The next two design changes recommended by Carr are perfect examples of the design principle to perform the work where it makes sense. First he recommends creating a customer personal identification number (PIN) that the customer will be prompted to enter by the Interactive Voice Response (IVR) system. Upon entry, the system will be able to instantly identify the caller as either a customer or broker, determine the nature of their call, and route the call to the appropriate agent pool.When the call arrives, it will integrate with the agents’ computer system and display the required customer information as well as the reason for their call. This allows them to begin assisting the customer immediately without having to engage in challenge response questions to determine identity and ensures that the correct customer account is properly referenced. The second change is the addition of an optional automated response system that could handle the majority of the most common requests from customers and would be available 24 hours a day.Carr estimated that approximately 20% or 6,000 callers per week would choose to use the automated system, which along with the PIN system will be a significant contribution to the desired reduction in time to answer and overall talk time (Page 10, Paragraph 3).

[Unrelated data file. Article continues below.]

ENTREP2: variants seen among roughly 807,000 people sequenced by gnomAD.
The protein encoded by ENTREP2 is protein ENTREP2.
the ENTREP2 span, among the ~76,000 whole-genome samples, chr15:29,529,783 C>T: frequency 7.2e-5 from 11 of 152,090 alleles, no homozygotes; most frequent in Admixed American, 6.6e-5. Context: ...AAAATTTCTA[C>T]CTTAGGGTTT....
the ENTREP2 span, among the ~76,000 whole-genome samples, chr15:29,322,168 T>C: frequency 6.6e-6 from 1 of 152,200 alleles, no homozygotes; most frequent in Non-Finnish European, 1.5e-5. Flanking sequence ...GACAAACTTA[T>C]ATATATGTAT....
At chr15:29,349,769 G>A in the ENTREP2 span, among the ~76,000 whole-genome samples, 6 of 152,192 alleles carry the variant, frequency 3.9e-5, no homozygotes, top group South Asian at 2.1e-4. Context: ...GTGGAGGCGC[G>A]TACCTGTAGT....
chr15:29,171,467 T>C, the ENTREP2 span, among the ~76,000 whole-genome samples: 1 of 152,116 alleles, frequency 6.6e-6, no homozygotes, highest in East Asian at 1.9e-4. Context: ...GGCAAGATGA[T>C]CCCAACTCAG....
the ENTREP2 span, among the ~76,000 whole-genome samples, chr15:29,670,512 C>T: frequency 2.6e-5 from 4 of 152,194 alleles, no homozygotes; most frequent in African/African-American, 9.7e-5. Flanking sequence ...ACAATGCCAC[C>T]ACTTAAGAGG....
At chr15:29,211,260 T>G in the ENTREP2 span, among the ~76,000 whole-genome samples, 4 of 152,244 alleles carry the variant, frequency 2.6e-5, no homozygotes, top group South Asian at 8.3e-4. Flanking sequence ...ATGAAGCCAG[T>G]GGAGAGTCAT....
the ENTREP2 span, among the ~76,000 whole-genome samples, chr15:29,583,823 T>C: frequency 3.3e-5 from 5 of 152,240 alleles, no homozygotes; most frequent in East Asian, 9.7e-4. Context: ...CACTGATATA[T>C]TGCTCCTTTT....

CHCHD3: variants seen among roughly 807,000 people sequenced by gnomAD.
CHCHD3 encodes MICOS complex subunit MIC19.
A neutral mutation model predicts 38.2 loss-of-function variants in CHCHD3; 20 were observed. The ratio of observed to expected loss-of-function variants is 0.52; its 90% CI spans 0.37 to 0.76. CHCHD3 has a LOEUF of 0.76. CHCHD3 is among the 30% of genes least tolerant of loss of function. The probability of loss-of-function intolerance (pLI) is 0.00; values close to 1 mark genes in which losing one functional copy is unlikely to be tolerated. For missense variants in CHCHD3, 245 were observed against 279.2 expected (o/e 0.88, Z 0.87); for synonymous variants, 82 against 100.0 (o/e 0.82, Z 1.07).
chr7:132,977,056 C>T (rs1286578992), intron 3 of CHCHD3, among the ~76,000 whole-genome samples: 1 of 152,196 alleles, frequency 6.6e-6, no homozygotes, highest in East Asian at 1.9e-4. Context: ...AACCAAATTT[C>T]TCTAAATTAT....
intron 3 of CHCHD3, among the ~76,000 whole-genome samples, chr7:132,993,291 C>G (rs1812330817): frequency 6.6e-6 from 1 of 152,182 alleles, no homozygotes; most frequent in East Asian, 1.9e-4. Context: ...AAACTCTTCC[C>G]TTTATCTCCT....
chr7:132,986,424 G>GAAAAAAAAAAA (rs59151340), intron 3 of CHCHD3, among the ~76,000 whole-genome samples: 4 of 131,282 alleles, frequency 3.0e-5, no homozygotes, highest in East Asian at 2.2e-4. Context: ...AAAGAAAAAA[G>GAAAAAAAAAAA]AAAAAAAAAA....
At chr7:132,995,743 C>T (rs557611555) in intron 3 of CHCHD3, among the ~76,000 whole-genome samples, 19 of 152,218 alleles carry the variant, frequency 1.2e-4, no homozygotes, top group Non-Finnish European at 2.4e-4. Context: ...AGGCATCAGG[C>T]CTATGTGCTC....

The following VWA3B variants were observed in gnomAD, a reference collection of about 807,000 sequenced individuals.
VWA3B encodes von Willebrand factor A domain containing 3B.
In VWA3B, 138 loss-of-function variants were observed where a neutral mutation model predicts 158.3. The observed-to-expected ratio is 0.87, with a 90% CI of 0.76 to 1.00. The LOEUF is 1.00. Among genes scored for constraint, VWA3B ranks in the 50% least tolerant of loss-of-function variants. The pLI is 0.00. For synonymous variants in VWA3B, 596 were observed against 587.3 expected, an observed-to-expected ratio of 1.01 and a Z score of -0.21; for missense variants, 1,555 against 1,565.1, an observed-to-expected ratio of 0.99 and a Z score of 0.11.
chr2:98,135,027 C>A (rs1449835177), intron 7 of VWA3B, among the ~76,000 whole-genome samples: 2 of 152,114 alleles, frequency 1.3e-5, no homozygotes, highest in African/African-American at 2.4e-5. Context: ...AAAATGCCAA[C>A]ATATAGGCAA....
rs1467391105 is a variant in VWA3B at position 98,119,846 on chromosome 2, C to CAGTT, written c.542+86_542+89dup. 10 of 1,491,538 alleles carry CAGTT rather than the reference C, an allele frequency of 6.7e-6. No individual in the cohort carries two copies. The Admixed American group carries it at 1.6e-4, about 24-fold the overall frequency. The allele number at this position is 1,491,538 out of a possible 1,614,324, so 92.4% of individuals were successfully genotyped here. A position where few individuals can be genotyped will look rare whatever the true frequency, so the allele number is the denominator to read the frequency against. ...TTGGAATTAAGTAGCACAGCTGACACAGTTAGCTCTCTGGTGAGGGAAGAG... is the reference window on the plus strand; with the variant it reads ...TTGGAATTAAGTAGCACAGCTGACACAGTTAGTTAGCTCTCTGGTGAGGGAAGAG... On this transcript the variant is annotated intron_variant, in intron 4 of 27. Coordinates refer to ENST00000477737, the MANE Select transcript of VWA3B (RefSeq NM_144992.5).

Based on the potential of these changes, we believe they will be a strong selling point of the design change for Boatwright and LFS’s other executive management.The final design change that our team feels will greatly enhance the level of customer satisfaction with LFS’ call center operations is the dramatic reduction of complexity in the overflow routing rules. Previously, the routing rules and staffing were so complex that two-full time employees were required to manage and maintain them (Page 3, Paragraph 3). Carr’s design plan eliminates the overly complex overflow rules and creates one simple “zero threshold” rule where no call will be held in queue if a qualified or overqualified agent is available (Page 10, Paragraph 4).The zero threshold rule is a perfect example of multiple complicated tasks combined into a simple streamlined task. This simple routing task, as outlined in exhibit 4, demonstrates how a call will be routed up from Quickline, to Customer Service, and then finally to the Broker Service pool until it finds an available agent. If no available agent can be located, it will queue in the Broker Services pool until one is available (Page 10, Paragraph 5).